The attacker is now logged onto the network with the credentials of his ex-boss.
Type 3: Insecure Password Storage: Another password vulnerability is centered around how passwords are stored. Unfortunately, despite the improvements in the encrypted and protected password storage by operating systems, a lot of systems are very trusting in how they store passwords.
One common mistake is to store passwords in plain text in any one of several places:
# Windows registry
# Configuration file
# Authentication file
# Custom file
Storing passwords in plain text is really the equivalent of writing them on the playground wall.
If passwords must be stored, at the very least they should be encrypted. A better option is to store a hash that is calculated from the user’s password instead of the password itself.
How this type of vulnerability is exploited: An attacker merely has to obtain access to the place the password is stored to change or steal the password.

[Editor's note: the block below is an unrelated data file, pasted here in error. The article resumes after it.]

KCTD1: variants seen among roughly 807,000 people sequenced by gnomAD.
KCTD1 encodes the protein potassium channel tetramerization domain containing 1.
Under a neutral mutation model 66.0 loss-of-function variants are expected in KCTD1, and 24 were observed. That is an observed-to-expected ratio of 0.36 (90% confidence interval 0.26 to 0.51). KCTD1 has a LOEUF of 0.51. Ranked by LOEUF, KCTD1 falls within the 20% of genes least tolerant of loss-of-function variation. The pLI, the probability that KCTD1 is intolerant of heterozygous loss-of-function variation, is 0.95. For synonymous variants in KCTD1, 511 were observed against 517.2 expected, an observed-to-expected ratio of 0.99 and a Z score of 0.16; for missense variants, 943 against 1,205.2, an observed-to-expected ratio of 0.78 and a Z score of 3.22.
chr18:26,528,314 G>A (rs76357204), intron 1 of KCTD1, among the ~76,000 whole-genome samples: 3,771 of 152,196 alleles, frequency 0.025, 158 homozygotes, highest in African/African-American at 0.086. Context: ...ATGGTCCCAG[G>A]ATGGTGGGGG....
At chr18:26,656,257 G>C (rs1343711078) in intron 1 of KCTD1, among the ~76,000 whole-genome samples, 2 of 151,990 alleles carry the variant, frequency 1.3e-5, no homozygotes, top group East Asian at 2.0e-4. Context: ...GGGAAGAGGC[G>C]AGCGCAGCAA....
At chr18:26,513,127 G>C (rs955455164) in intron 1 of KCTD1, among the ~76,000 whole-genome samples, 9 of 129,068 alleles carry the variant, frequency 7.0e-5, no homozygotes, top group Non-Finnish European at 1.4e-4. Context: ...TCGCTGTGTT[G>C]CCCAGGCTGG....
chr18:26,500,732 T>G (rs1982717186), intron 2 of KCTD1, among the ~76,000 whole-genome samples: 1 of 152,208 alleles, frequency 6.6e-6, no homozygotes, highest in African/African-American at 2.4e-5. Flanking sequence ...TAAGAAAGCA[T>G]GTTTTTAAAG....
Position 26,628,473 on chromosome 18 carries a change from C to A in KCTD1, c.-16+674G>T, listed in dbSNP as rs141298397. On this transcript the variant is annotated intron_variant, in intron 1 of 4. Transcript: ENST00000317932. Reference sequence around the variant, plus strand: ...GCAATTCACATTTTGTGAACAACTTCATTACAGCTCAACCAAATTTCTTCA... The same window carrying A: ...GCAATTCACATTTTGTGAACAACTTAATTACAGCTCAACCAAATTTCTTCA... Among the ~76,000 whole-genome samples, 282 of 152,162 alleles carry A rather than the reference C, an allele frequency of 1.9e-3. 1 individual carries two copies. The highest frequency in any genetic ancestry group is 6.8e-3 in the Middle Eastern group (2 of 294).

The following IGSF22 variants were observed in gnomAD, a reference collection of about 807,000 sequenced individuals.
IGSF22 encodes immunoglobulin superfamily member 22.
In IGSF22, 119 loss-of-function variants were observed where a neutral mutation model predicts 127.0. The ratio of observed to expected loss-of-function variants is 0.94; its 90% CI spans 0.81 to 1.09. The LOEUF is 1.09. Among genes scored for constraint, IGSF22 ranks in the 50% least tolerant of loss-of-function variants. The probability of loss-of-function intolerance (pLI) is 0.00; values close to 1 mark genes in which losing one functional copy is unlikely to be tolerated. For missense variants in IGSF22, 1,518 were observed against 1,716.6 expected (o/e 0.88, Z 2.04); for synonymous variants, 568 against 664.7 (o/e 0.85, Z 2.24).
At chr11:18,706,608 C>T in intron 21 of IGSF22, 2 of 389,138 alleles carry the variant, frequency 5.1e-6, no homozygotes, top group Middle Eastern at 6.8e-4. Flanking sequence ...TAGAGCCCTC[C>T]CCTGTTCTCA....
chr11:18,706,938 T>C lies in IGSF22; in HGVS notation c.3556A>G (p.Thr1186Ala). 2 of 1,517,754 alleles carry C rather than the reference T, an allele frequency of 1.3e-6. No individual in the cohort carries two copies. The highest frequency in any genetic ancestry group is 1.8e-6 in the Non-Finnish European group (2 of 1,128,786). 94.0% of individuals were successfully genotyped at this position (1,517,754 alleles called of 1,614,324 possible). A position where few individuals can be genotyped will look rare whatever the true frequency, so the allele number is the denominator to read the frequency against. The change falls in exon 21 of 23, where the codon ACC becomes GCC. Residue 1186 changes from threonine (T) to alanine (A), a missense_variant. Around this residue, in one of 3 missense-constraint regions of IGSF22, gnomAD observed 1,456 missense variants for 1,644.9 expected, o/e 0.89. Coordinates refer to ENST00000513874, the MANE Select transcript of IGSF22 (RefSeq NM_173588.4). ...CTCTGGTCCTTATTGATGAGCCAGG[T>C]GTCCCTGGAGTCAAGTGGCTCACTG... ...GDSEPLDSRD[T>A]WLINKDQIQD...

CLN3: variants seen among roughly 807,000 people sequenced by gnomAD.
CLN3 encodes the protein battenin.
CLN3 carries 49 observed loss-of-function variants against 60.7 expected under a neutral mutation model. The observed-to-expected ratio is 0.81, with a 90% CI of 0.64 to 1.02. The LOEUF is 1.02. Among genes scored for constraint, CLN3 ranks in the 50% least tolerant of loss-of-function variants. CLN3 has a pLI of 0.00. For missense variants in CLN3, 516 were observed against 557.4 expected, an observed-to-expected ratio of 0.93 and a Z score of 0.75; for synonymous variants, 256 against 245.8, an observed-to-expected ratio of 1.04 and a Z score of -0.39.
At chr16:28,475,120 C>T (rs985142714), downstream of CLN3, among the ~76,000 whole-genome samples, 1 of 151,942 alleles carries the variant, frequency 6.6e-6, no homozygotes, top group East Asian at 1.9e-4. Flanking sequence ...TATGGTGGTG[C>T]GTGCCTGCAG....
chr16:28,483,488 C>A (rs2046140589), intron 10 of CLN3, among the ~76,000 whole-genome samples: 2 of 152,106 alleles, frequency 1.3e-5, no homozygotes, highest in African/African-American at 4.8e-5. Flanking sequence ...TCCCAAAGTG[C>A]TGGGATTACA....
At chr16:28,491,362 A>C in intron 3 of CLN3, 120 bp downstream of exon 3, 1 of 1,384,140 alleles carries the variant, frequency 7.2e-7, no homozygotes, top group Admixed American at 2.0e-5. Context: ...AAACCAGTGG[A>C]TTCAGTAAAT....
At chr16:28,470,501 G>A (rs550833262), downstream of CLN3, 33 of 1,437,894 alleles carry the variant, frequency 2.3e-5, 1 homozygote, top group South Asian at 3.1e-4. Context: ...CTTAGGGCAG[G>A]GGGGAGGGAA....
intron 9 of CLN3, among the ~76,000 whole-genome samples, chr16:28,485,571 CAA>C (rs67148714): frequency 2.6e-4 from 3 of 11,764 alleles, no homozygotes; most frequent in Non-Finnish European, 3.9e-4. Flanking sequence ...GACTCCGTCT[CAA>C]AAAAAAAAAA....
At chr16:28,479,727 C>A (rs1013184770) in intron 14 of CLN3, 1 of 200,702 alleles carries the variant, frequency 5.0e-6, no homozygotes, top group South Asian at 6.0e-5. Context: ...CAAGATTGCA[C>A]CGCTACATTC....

Type 4: Insecure Password Transmission: Similar to the problems associated with plain text password storage, this vulnerability centers around transmitting passwords in plain text.
If passwords are transmitted in plain text, they are easily obtained by network sniffing, and reliance on a Secure Socket Layer (SSL) connection still leaves the vulnerability of a spoofed or man-in-the-middle attack.
All transmission of sensitive information should require that the data be encrypted.
How this type of vulnerability is exploited: Network sniffing of the various network traffic can expose plain text password transmission.
Type 5: Dictionary-Based Attacks: This is a version of a password attack that relies on an automated tool that simply starts trying every word in whatever dictionary it uses as a resource to find the victim’s password.
When it meets with success, the tool displays the password for the attacker.
This type of password attack is very slow and uses a lot of system resources to function. It’s also useless if the user’s password isn’t in the dictionary.